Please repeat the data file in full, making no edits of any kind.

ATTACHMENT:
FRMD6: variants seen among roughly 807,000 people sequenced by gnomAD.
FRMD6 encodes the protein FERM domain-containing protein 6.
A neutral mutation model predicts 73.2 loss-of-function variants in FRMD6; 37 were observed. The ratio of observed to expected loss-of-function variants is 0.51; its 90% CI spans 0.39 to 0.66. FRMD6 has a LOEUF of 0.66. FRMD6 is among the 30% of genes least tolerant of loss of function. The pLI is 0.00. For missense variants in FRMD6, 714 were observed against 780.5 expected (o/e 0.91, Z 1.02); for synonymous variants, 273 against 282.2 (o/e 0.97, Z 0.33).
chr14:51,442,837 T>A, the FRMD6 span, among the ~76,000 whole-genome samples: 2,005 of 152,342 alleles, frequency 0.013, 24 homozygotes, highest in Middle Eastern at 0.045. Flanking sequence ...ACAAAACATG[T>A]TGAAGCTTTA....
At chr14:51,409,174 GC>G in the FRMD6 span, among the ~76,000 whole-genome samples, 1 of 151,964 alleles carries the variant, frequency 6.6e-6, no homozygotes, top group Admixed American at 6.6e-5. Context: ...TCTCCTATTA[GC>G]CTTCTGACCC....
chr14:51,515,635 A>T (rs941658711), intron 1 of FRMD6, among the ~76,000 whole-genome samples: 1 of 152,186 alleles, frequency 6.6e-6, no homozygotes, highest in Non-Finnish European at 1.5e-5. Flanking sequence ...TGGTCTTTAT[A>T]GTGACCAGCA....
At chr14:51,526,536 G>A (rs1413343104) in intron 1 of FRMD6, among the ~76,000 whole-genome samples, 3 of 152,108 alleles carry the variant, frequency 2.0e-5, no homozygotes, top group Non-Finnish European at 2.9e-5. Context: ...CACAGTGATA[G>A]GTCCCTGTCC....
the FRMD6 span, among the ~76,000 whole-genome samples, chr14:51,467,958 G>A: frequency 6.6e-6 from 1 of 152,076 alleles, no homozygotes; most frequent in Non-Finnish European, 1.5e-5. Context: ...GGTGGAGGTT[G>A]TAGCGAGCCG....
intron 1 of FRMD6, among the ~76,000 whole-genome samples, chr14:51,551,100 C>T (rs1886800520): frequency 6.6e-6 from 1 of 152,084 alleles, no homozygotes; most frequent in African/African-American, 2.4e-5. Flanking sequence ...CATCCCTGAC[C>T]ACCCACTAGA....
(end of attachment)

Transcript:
FRMD6: variants seen among roughly 807,000 people sequenced by gnomAD.
FRMD6 encodes the protein FERM domain-containing protein 6.
A neutral mutation model predicts 73.2 loss-of-function variants in FRMD6; 37 were observed. The ratio of observed to expected loss-of-function variants is 0.51; its 90% CI spans 0.39 to 0.66. FRMD6 has a LOEUF of 0.66. FRMD6 is among the 30% of genes least tolerant of loss of function. The pLI is 0.00. For missense variants in FRMD6, 714 were observed against 780.5 expected (o/e 0.91, Z 1.02); for synonymous variants, 273 against 282.2 (o/e 0.97, Z 0.33).
chr14:51,442,837 T>A, the FRMD6 span, among the ~76,000 whole-genome samples: 2,005 of 152,342 alleles, frequency 0.013, 24 homozygotes, highest in Middle Eastern at 0.045. Flanking sequence ...ACAAAACATG[T>A]TGAAGCTTTA....
At chr14:51,409,174 GC>G in the FRMD6 span, among the ~76,000 whole-genome samples, 1 of 151,964 alleles carries the variant, frequency 6.6e-6, no homozygotes, top group Admixed American at 6.6e-5. Context: ...TCTCCTATTA[GC>G]CTTCTGACCC....
chr14:51,515,635 A>T (rs941658711), intron 1 of FRMD6, among the ~76,000 whole-genome samples: 1 of 152,186 alleles, frequency 6.6e-6, no homozygotes, highest in Non-Finnish European at 1.5e-5. Flanking sequence ...TGGTCTTTAT[A>T]GTGACCAGCA....
At chr14:51,526,536 G>A (rs1413343104) in intron 1 of FRMD6, among the ~76,000 whole-genome samples, 3 of 152,108 alleles carry the variant, frequency 2.0e-5, no homozygotes, top group Non-Finnish European at 2.9e-5. Context: ...CACAGTGATA[G>A]GTCCCTGTCC....
the FRMD6 span, among the ~76,000 whole-genome samples, chr14:51,467,958 G>A: frequency 6.6e-6 from 1 of 152,076 alleles, no homozygotes; most frequent in Non-Finnish European, 1.5e-5. Context: ...GGTGGAGGTT[G>A]TAGCGAGCCG....
intron 1 of FRMD6, among the ~76,000 whole-genome samples, chr14:51,551,100 C>T (rs1886800520): frequency 6.6e-6 from 1 of 152,084 alleles, no homozygotes; most frequent in African/African-American, 2.4e-5. Flanking sequence ...CATCCCTGAC[C>T]ACCCACTAGA....